The International Monetary Fund (IMF) on Tuesday warned that synchronized increases in house prices around the world would heighten the risks of economic slowdown.
The latest IMF study found that house prices move in tandem across countries and major global cities, a further sign of the growing integration of financial markets.
The study was included in its analytical chapters of its flagship Global Financial Stability Report which was due to be released next week.
According to the study, ultra-low interest rates in major economies and economic recovery since the global financial crisis gave a boost to the synchronized home prices increases.
In addition, wealthy individuals and institutional investors, such as private equity firms and Real Estate Investment Trusts, have stepped up their investment globally, which also pushed up home prices in major cities.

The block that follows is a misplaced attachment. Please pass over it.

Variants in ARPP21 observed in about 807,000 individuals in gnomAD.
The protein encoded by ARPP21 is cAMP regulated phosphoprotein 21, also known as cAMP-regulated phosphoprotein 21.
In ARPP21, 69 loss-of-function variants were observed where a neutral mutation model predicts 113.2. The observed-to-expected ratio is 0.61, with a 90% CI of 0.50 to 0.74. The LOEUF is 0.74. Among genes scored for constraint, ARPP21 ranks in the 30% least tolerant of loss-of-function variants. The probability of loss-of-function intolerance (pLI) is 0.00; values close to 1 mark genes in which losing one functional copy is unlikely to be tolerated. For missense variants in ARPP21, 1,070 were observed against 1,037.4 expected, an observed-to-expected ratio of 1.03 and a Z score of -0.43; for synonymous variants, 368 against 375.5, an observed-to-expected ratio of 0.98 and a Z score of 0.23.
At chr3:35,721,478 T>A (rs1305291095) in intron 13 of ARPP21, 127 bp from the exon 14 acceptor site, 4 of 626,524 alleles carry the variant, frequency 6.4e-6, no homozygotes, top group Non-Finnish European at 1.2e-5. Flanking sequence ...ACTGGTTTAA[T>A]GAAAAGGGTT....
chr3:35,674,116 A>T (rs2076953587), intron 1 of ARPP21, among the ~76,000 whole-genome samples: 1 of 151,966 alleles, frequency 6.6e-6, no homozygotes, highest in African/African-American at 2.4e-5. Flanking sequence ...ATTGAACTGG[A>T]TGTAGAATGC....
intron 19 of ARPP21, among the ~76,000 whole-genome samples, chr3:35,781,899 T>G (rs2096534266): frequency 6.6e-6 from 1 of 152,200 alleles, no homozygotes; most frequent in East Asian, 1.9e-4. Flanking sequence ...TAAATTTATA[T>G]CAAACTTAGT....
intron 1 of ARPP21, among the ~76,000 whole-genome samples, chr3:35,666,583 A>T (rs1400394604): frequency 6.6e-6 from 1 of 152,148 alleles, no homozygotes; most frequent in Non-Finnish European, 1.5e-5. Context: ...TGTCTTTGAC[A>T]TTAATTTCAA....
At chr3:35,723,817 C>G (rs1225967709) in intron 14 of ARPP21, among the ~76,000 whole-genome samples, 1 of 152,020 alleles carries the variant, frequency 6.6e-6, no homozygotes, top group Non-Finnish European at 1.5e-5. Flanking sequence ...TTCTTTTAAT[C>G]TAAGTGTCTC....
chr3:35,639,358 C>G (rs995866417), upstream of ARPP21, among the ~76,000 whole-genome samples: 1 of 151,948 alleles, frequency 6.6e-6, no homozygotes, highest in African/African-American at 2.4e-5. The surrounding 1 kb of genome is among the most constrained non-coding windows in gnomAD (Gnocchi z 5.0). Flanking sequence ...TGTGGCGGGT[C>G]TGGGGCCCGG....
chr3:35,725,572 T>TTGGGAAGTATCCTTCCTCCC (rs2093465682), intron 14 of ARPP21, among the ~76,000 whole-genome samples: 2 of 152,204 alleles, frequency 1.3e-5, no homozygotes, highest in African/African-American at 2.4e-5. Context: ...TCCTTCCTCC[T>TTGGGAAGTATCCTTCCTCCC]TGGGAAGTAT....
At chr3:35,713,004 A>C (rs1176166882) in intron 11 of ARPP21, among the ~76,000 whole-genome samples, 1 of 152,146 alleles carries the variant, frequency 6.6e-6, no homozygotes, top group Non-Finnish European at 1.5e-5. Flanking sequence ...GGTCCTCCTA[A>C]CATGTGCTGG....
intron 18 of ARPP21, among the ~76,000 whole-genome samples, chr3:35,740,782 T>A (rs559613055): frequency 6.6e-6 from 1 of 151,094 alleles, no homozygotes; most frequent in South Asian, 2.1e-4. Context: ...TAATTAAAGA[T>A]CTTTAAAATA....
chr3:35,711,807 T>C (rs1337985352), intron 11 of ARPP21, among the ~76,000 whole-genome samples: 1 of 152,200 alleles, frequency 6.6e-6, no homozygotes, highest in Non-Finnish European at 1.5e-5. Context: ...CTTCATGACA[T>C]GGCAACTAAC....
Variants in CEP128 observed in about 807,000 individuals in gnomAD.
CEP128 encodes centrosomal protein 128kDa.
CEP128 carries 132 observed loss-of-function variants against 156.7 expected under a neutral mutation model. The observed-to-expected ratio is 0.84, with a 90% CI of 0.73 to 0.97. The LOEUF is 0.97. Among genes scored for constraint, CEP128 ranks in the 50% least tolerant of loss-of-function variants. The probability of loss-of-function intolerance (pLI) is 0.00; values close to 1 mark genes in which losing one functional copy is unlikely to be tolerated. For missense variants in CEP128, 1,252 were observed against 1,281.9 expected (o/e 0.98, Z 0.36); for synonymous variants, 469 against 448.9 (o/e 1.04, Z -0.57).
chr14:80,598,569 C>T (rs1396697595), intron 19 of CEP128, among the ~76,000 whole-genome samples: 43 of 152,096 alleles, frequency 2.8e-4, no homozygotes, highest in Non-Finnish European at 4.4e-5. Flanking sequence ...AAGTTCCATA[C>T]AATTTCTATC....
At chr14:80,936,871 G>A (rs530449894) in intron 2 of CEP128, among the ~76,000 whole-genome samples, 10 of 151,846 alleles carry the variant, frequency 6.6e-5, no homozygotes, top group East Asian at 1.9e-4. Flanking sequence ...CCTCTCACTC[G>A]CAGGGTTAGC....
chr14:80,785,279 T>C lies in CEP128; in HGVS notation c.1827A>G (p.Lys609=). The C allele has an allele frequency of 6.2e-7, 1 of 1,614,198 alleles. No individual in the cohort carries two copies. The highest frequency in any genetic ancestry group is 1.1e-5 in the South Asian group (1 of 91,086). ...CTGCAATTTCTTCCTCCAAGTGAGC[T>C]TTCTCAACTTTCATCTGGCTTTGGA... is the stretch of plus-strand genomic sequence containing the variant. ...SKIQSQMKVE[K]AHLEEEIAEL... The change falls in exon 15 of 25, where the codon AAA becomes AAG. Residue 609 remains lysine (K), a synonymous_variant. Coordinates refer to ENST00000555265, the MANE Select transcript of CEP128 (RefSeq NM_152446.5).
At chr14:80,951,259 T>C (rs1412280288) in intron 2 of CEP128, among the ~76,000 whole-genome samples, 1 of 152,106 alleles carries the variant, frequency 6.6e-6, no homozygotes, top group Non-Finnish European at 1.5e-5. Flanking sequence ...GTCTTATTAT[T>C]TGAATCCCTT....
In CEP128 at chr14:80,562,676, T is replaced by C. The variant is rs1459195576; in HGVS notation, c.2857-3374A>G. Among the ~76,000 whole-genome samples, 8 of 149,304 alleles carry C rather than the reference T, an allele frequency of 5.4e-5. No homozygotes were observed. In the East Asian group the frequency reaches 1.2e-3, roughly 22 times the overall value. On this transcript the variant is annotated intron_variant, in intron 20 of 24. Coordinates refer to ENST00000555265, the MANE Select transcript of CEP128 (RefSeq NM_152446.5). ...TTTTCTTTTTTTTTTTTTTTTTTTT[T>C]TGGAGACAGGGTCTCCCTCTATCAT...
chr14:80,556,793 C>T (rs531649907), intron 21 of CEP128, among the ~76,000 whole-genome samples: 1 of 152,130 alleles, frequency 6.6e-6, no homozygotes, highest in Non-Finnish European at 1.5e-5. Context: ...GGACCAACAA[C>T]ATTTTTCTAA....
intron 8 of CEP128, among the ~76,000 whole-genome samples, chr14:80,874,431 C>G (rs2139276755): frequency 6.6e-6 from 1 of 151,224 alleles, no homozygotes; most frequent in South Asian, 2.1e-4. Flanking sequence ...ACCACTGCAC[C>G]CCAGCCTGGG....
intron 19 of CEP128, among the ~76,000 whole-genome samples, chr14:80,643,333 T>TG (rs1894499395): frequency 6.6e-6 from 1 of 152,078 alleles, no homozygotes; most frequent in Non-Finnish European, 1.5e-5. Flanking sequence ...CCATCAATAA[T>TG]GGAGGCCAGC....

"All of this suggests that house prices are starting to behave more like the prices of financial assets, such as stocks and bonds, which are influenced by investors elsewhere in the world," said the IMF.
"As a result, housing markets in one country are more sensitive to swings in another," it pointed out.
It suggested that policymakers pay attention to this trend, because the heightened tendency for house prices to move in tandem may signal greater odds of an economic slowdown.
"An economic shock in one part of the world is more likely to affect housing markets elsewhere," the IMF said.